As many as 45,000 workers at state-run oil firms began an indefinite strike for higher wages on Tuesday that officials say could curtail fuel supplies.
The strike, announced only on Monday, will proceed as planned after last-minute talks with the government failed, Ashok Singh, a leader of the Oil Sector Officers' Association, an umbrella union for industry employees, told Reuters.
The strike by workers at companies including Oil and Natural Gas Corp (ONGC), Indian Oil Corp, Bharat Petroleum Corp and Hindustan Petroleum Corp comes almost one year after a similar action, which was called off by the union only hours after it began.
"So far we are on strike. If the government invites us we will meet for talks again," said Singh.
The chairman of top refiner IOC said on Monday that the strike would force it to reduce production at its 10 refineries, which produce over 1.2 million barrels per day, enough to meet nearly half of India's oil demand.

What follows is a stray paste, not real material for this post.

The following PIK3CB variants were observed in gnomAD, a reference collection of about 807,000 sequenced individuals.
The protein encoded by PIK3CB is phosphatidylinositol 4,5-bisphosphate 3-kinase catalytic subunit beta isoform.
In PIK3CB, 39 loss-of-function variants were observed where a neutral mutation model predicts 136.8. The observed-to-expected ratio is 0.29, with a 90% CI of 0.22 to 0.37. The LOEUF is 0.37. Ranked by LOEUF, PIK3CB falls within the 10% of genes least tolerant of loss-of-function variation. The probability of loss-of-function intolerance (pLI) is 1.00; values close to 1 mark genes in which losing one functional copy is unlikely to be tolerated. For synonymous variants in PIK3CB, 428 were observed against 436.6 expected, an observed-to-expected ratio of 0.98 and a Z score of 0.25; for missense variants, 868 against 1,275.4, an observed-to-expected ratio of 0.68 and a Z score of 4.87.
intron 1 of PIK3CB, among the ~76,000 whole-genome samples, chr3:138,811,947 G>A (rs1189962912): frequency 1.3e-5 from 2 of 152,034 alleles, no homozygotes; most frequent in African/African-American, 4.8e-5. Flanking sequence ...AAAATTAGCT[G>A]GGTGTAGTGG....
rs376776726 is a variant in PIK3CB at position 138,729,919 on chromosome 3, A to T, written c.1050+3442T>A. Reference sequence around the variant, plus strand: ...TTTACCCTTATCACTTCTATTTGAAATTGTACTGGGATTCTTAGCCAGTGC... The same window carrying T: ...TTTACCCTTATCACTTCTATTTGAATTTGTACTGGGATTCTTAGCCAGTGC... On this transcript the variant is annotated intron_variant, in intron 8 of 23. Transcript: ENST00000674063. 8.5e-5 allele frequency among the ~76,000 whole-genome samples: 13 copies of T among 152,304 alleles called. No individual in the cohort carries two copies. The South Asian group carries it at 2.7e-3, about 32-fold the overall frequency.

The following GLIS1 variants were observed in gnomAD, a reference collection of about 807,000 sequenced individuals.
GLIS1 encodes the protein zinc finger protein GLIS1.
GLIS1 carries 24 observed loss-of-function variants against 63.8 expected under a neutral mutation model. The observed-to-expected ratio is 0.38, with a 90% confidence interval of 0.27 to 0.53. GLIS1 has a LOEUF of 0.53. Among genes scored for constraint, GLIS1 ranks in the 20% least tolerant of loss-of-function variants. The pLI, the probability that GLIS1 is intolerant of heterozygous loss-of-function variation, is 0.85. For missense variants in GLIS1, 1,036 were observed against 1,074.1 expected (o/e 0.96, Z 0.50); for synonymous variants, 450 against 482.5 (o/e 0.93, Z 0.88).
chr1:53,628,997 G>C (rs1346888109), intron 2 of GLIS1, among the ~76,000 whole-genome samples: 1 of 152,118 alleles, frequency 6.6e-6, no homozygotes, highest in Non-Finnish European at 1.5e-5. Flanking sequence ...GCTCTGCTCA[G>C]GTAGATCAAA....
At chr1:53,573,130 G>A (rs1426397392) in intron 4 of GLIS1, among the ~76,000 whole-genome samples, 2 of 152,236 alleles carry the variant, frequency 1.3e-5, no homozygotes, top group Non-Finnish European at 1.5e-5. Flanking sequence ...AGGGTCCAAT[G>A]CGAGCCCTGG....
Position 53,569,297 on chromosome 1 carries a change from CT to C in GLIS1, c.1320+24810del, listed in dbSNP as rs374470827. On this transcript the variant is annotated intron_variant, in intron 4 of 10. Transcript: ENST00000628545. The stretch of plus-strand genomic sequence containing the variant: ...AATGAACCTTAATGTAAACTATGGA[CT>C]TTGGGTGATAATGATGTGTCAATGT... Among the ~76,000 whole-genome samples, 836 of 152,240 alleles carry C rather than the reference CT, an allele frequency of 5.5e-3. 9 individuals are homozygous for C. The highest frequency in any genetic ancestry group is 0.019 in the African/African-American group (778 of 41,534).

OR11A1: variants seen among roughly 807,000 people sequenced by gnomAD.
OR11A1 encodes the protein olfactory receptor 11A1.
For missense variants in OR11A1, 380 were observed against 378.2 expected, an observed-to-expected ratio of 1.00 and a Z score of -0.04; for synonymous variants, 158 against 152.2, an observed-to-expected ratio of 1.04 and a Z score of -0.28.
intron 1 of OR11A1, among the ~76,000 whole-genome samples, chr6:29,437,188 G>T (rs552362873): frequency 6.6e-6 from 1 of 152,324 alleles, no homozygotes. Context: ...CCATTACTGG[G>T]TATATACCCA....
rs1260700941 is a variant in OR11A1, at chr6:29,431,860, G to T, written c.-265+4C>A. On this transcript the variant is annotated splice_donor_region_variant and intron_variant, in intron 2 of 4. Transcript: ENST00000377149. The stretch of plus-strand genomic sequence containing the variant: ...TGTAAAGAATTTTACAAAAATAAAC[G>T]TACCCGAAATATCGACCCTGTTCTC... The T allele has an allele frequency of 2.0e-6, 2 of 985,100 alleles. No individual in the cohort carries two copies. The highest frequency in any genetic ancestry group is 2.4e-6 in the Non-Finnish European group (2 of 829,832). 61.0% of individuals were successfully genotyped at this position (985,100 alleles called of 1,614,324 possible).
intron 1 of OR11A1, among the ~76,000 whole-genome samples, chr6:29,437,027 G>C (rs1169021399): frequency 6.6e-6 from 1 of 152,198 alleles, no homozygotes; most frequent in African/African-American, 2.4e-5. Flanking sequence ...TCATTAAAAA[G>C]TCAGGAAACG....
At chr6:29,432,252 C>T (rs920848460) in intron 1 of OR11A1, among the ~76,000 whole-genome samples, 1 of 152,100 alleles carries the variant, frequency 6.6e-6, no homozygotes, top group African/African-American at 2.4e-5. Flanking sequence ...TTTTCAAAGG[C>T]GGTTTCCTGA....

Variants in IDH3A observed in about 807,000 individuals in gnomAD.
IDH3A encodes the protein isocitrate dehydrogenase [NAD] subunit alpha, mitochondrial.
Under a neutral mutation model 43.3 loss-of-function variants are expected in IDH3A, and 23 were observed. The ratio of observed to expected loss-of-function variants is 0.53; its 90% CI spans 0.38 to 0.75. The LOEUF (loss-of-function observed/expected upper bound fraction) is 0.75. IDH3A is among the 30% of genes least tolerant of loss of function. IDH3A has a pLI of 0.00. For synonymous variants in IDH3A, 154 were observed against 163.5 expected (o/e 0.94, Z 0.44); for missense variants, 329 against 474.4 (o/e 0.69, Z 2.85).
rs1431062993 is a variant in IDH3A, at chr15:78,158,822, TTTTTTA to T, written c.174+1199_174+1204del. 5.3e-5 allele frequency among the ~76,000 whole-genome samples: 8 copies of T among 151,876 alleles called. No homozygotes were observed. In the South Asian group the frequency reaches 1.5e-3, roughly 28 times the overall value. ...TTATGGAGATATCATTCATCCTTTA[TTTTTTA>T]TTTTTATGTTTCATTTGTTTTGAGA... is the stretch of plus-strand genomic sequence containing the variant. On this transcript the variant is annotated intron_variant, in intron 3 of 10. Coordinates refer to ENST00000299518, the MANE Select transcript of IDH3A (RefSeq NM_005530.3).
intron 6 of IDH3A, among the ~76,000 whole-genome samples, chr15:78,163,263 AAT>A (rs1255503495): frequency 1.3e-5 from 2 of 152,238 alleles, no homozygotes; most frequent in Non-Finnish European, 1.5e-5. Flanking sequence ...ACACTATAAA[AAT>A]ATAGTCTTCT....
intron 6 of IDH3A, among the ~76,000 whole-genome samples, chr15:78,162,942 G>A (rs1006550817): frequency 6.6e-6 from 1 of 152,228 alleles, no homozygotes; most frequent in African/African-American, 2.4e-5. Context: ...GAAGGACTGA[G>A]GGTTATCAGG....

IOC holds inventories equivalent to 30 days of consumption, he said, but petrol pumps could run dry in two to three days.
A union official has said that oil firms could suffer a daily loss of about 45 billion rupees.
In September 2006 the same union called for a strike, but suspended it almost immediately after the government promised to look into demands for higher wages. In December the oil union pulled out of planned strike by white-collar workers at India's largest telecoms firm and a state-run power utility.